Beware Of Using Epsom Salt For Tomatoes (Here’s Why)

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Epsom salt has long been touted as a quick fix for basically anything in the garden. I’ve seen it said that it can fix blossom end rot, stunted plant growth, yellowing leaves, and more in tomato plants.

Well, not to ruin your day, but epsom salt is more likely to harm your tomatoes than help them. In this article, I’ll share the reality of what epsom salt does for tomatoes and other veggies.

Epsom salt for tomatoes
Epsom salt near tomatoes in the garden.

What Is Epsom Salt?

Pure epsom salt is made up of magnesium sulfate. Essentially, it is a water-soluble crystallized salt that contains magnesium and sulfur.

The word Epsom comes from the English town where the compound was first discovered. Since then, it has been widely used as a bath soak to help many ailments.

Epsom salt crystals in hand near tomato plant
Crystallized epsom salt (magnesium sulfate).

It is still used today as a primary ingredient in bath soak products and is considered beneficial. Many claim that epsom salt helps reduce inflammation, soreness, and muscle aches. However, there is little scientific research backing up the claims.


What Does Epsom Salt Do For Tomatoes?

When you dissolve epsom salt in water, then water your plants, you’ll be adding magnesium and sulfur to the soil. Both of these compounds are in fact necessary for growing tomatoes.

However, many soils already have plenty of magnesium and sulfur to begin with. In this case, adding more may have negative consequences on your tomatoes.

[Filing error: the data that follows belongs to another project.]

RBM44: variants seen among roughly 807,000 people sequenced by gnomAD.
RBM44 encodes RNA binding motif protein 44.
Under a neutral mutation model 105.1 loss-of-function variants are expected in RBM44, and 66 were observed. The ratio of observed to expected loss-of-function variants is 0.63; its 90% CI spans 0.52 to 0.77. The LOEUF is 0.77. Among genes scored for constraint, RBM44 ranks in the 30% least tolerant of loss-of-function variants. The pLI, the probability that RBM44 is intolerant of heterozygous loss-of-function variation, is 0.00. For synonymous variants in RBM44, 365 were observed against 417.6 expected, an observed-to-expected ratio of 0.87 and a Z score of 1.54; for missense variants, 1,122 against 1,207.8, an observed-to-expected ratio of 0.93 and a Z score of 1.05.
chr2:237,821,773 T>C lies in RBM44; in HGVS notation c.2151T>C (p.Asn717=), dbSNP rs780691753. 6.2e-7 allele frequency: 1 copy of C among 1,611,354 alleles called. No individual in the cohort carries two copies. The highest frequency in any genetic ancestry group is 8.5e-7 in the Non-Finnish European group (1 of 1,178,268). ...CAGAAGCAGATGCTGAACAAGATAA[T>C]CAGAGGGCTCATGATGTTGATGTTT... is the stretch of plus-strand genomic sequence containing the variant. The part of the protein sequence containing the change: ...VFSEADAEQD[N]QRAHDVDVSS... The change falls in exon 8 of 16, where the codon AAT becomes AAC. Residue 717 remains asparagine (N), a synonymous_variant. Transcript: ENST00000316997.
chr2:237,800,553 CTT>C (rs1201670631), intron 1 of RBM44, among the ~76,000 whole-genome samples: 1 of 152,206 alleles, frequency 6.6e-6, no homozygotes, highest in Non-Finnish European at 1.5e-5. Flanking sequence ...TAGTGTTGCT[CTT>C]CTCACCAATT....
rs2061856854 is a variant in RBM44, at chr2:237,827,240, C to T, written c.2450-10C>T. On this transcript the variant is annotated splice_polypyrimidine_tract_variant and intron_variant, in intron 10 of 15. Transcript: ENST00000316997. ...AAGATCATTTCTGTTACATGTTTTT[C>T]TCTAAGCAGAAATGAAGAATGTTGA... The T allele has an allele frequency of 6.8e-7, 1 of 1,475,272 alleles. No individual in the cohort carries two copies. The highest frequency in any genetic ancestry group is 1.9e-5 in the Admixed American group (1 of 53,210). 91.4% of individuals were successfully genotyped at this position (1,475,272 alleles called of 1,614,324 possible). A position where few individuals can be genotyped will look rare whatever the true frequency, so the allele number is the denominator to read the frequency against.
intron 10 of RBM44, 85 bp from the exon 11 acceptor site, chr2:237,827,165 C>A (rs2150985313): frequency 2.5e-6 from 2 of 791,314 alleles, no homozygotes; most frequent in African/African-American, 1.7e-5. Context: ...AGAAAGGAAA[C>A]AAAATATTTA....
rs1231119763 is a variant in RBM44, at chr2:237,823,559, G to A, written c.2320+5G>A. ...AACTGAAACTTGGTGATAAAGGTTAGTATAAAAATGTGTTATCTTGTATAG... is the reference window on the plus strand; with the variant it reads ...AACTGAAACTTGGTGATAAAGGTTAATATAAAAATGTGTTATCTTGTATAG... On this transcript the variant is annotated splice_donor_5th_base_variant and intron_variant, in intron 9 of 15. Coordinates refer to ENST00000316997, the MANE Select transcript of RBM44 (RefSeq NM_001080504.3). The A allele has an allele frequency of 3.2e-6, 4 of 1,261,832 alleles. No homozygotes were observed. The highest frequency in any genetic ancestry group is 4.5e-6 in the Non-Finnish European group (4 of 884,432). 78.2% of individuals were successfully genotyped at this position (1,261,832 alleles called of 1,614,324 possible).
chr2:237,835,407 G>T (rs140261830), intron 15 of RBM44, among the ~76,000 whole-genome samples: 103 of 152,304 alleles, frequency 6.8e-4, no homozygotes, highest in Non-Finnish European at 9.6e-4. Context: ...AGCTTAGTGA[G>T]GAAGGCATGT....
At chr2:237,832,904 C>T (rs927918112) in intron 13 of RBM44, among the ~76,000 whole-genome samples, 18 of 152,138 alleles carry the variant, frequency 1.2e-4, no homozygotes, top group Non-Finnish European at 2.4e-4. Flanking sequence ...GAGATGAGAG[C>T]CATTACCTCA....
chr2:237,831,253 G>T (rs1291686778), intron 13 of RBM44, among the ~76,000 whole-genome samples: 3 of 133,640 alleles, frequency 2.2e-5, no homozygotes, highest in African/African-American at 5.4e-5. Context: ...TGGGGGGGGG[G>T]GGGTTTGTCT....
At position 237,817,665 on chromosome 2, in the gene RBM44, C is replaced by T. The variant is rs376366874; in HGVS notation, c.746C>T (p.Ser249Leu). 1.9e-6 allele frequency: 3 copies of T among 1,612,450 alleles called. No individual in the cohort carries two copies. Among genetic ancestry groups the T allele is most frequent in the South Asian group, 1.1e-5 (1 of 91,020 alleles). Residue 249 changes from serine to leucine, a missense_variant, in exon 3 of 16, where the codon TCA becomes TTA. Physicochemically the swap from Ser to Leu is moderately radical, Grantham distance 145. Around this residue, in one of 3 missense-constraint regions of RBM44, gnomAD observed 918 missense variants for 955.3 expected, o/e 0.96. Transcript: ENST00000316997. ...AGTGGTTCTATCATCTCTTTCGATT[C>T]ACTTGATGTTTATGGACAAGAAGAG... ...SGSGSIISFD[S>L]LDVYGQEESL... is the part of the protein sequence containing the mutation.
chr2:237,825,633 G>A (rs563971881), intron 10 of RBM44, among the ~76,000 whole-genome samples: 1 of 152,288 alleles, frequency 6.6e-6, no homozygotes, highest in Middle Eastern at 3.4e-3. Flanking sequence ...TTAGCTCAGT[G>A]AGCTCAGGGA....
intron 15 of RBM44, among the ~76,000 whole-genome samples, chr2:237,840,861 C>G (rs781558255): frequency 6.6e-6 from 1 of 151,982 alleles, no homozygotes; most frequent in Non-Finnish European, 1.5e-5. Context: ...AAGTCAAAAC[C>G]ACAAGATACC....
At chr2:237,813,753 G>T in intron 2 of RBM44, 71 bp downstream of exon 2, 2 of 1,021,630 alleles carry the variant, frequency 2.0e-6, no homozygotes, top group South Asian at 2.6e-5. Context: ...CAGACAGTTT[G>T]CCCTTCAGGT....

But Tomatoes Need Magnesium, Right?

Yes, tomatoes require magnesium for proper plant development. A magnesium deficiency in the plants will cause chlorosis (yellowing leaves) between the veins of tomato leaves. This will begin at the lowest leaves of the plant and work its way up over time.

So why not add epsom salt to your soil? Well, if the soil already has enough magnesium, it is a bad idea to overload it with excess. Too much magnesium in the soil can actually lock out availability of calcium, another vital nutrient.

This imbalance between magnesium and calcium can lead to blossom end rot and other calcium deficiency symptoms. It is critical to know your soil’s nutrient content, first.

When Should I Add Epsom Salts?

If you’ve already got yourself a bag of epsom salts, don’t feel the need to throw it away. It may still be handy in the garden in select circumstances.

  • Magnesium deficiency. The only way to know for sure that you have a magnesium deficiency is to get a soil test. This will indicate the level of nutrients in your ground soil and make specific recommendations to improve it. Epsom salt may come in handy in this case.

A soil test is a great idea, especially in a new garden, or one that has seen failures. If you have especially sandy soil, it is possible that magnesium is deficient, but not guaranteed. Send away some of your soil to know for sure.